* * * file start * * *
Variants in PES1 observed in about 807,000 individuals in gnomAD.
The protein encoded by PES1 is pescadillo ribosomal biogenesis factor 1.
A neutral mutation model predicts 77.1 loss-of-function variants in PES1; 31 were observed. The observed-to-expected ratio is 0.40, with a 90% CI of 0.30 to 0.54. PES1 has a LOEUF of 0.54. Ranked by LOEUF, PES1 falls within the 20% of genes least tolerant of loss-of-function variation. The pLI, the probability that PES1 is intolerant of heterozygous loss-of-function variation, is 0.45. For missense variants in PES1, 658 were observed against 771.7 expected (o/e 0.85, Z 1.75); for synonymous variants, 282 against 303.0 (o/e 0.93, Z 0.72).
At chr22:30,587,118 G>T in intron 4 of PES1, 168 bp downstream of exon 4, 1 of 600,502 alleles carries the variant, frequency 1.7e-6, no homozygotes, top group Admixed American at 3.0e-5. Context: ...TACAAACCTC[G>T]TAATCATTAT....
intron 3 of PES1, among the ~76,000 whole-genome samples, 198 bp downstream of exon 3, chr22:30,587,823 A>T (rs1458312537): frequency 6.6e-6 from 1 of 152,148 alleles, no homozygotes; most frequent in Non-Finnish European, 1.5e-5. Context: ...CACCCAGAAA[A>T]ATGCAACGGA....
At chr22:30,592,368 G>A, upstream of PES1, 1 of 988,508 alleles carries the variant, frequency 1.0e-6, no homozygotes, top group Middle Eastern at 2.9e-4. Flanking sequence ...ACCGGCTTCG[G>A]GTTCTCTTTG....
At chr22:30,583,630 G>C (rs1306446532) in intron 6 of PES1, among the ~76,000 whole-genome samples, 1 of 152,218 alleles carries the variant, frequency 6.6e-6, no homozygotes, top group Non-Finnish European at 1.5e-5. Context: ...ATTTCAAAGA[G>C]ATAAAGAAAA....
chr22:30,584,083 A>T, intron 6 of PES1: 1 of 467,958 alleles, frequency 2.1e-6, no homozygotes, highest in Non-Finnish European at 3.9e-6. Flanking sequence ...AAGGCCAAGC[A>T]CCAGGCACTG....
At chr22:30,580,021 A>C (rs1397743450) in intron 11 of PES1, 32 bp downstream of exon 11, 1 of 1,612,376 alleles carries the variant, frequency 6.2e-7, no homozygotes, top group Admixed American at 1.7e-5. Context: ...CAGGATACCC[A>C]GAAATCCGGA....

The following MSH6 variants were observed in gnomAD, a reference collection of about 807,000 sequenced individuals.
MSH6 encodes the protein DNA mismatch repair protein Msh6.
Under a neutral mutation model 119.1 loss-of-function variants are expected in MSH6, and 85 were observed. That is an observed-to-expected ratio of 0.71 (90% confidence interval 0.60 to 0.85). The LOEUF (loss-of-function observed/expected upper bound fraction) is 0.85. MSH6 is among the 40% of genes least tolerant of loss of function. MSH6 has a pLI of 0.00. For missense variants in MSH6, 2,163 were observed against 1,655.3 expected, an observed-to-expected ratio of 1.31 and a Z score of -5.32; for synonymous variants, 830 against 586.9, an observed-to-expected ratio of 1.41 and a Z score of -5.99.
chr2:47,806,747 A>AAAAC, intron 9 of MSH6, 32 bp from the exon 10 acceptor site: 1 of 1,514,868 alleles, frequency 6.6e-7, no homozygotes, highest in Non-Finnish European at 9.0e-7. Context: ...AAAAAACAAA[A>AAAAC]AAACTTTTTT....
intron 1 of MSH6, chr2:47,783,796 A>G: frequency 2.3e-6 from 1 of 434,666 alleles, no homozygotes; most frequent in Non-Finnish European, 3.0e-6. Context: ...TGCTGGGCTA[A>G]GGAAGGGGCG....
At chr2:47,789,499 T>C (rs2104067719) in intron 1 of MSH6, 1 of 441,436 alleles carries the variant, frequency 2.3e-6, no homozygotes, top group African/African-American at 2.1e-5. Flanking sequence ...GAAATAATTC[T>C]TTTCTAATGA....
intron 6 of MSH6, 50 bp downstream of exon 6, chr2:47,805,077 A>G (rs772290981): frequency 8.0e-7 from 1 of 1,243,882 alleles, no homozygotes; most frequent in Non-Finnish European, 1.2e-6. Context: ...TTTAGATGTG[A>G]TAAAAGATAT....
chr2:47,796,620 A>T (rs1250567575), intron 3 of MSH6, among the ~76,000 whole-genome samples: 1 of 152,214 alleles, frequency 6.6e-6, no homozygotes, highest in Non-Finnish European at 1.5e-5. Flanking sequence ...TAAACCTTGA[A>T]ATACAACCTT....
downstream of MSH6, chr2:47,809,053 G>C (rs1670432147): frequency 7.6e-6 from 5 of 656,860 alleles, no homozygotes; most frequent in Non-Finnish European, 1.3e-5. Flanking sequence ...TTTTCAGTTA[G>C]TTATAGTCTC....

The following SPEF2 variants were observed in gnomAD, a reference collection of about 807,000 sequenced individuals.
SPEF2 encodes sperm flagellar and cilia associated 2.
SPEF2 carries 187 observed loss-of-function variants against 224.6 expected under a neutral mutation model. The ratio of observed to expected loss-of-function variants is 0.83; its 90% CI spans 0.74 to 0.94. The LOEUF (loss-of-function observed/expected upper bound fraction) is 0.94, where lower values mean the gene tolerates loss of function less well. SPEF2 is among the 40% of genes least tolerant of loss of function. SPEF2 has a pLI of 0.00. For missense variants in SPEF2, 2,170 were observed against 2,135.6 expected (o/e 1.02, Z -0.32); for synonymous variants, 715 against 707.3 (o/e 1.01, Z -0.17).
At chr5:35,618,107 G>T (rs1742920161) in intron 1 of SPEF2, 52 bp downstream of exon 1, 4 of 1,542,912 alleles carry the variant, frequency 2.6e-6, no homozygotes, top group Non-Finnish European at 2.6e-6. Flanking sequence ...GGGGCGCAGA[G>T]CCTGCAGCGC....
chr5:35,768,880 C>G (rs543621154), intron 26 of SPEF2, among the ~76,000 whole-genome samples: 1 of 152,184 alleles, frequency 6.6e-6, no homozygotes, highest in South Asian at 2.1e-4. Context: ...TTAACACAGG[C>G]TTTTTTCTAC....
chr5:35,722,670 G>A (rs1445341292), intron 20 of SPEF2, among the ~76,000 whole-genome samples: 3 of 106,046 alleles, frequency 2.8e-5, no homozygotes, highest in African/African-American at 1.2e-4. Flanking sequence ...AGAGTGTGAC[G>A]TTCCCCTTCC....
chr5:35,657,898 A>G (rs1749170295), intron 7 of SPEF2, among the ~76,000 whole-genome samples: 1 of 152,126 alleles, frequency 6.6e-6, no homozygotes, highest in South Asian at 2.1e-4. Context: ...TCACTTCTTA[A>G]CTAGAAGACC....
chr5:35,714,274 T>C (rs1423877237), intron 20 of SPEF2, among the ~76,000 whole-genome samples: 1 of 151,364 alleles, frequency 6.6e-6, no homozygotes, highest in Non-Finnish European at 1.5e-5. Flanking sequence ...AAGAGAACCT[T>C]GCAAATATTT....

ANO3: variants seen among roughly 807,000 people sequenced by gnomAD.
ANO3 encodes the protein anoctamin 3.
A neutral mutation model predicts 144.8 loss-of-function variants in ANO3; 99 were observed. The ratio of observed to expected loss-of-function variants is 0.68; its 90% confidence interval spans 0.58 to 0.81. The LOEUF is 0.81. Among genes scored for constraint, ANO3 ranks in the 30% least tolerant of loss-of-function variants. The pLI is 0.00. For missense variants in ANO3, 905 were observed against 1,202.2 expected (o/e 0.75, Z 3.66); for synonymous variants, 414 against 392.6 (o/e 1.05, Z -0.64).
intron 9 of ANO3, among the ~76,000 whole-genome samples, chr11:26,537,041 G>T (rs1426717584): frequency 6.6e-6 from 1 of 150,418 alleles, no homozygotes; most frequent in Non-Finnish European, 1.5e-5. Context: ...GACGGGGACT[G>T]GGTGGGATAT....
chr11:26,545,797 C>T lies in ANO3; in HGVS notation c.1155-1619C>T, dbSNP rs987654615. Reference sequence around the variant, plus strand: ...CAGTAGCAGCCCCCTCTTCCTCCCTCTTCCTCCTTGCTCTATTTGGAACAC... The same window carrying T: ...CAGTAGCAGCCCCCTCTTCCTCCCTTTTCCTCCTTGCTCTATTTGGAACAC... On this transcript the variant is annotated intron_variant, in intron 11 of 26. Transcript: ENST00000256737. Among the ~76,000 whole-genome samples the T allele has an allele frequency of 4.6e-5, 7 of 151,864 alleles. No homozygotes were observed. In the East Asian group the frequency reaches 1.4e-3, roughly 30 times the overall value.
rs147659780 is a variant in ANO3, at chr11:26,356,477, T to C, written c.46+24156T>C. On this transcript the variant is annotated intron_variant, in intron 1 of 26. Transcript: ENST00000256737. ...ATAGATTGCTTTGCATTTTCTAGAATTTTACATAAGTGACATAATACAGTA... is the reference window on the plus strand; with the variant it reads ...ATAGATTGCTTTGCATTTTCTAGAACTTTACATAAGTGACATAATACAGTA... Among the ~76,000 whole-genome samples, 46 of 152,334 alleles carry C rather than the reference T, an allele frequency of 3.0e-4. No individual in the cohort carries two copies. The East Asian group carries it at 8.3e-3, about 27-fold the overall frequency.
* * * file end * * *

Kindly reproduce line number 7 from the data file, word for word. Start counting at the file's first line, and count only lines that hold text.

At chr22:30,583,630 G>C (rs1306446532) in intron 6 of PES1, among the ~76,000 whole-genome samples, 1 of 152,218 alleles carries the variant, frequency 6.6e-6, no homozygotes, top group Non-Finnish European at 1.5e-5. Context: ...ATTTCAAAGA[G>C]ATAAAGAAAA....